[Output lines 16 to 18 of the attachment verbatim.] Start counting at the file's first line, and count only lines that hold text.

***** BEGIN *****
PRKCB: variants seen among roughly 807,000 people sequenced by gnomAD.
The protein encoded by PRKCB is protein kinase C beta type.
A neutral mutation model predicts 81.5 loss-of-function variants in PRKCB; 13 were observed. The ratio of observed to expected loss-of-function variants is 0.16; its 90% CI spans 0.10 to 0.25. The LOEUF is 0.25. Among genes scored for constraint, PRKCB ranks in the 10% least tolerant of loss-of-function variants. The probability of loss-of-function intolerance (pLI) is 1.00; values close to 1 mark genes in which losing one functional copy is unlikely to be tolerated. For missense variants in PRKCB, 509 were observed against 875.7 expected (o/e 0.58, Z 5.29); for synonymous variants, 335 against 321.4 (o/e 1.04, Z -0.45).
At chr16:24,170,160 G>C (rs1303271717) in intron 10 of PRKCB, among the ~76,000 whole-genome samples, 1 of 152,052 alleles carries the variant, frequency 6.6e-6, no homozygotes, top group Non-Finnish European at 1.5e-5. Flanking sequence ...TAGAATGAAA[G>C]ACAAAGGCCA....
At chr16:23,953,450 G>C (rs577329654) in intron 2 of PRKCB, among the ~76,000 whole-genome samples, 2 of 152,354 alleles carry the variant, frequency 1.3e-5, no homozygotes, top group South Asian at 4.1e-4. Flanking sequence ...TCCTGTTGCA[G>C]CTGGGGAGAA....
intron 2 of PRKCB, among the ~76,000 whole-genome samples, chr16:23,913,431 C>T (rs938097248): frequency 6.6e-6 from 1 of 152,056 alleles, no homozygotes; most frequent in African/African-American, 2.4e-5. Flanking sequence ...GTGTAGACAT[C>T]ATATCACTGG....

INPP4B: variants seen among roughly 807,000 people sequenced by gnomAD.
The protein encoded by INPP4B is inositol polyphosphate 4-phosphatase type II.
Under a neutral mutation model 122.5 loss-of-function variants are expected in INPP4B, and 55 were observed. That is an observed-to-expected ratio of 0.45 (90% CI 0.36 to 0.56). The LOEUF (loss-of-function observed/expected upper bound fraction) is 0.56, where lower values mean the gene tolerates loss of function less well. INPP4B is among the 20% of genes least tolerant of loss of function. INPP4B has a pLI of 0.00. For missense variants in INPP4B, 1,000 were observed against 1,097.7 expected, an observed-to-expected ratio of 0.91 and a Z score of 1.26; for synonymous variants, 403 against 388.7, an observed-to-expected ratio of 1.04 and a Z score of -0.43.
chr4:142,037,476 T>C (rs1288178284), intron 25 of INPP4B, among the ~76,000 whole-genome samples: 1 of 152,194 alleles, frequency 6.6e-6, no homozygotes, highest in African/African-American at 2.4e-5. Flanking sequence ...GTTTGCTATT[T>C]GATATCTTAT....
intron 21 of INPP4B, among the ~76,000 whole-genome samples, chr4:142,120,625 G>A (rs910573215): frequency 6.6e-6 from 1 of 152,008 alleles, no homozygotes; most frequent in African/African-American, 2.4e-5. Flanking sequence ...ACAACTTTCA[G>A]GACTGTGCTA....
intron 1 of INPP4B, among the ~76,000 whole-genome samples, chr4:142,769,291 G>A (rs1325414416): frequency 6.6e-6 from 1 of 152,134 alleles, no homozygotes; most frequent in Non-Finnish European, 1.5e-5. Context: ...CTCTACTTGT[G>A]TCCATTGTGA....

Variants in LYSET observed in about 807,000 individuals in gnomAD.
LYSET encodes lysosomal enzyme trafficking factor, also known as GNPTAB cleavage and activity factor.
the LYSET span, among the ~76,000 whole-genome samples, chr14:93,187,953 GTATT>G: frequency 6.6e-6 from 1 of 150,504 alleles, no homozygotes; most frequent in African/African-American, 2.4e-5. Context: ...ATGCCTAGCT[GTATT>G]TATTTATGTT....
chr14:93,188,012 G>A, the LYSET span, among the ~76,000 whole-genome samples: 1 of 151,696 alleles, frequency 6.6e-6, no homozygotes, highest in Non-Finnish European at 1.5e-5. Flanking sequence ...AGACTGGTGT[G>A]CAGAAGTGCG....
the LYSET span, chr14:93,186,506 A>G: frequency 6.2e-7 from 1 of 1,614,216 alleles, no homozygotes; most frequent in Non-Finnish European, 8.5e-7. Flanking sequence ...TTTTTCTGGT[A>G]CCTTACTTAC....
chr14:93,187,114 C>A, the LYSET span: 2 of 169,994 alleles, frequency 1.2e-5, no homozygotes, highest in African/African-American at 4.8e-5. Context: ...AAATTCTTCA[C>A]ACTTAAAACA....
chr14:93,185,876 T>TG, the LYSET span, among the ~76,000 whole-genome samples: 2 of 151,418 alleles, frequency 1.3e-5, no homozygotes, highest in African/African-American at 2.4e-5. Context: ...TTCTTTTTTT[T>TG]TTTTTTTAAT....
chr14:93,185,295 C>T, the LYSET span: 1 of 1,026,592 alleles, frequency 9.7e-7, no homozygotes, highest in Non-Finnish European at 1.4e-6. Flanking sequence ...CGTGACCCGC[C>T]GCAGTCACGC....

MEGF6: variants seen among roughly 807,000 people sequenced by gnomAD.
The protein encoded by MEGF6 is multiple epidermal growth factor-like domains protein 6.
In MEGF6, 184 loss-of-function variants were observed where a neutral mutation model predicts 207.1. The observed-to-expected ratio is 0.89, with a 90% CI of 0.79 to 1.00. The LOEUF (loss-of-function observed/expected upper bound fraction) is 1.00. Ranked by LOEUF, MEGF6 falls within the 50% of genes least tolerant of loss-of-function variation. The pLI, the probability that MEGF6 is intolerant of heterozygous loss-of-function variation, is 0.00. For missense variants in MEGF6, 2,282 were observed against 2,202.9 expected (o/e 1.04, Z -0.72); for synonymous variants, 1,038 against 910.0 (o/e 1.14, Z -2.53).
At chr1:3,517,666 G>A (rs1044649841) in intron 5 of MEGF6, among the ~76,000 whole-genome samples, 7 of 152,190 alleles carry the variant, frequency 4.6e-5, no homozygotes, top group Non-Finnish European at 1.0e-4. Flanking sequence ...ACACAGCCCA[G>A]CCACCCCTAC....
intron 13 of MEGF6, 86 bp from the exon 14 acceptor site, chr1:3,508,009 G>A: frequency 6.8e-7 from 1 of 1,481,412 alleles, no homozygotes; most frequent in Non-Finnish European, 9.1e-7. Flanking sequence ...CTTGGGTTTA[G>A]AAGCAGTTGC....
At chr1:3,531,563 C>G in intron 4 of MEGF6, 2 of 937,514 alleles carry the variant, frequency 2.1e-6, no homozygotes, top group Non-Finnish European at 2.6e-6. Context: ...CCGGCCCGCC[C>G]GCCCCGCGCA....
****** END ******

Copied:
chr14:93,188,012 G>A, the LYSET span, among the ~76,000 whole-genome samples: 1 of 151,696 alleles, frequency 6.6e-6, no homozygotes, highest in Non-Finnish European at 1.5e-5. Flanking sequence ...AGACTGGTGT[G>A]CAGAAGTGCG....
the LYSET span, chr14:93,186,506 A>G: frequency 6.2e-7 from 1 of 1,614,216 alleles, no homozygotes; most frequent in Non-Finnish European, 8.5e-7. Flanking sequence ...TTTTTCTGGT[A>G]CCTTACTTAC....
chr14:93,187,114 C>A, the LYSET span: 2 of 169,994 alleles, frequency 1.2e-5, no homozygotes, highest in African/African-American at 4.8e-5. Context: ...AAATTCTTCA[C>A]ACTTAAAACA....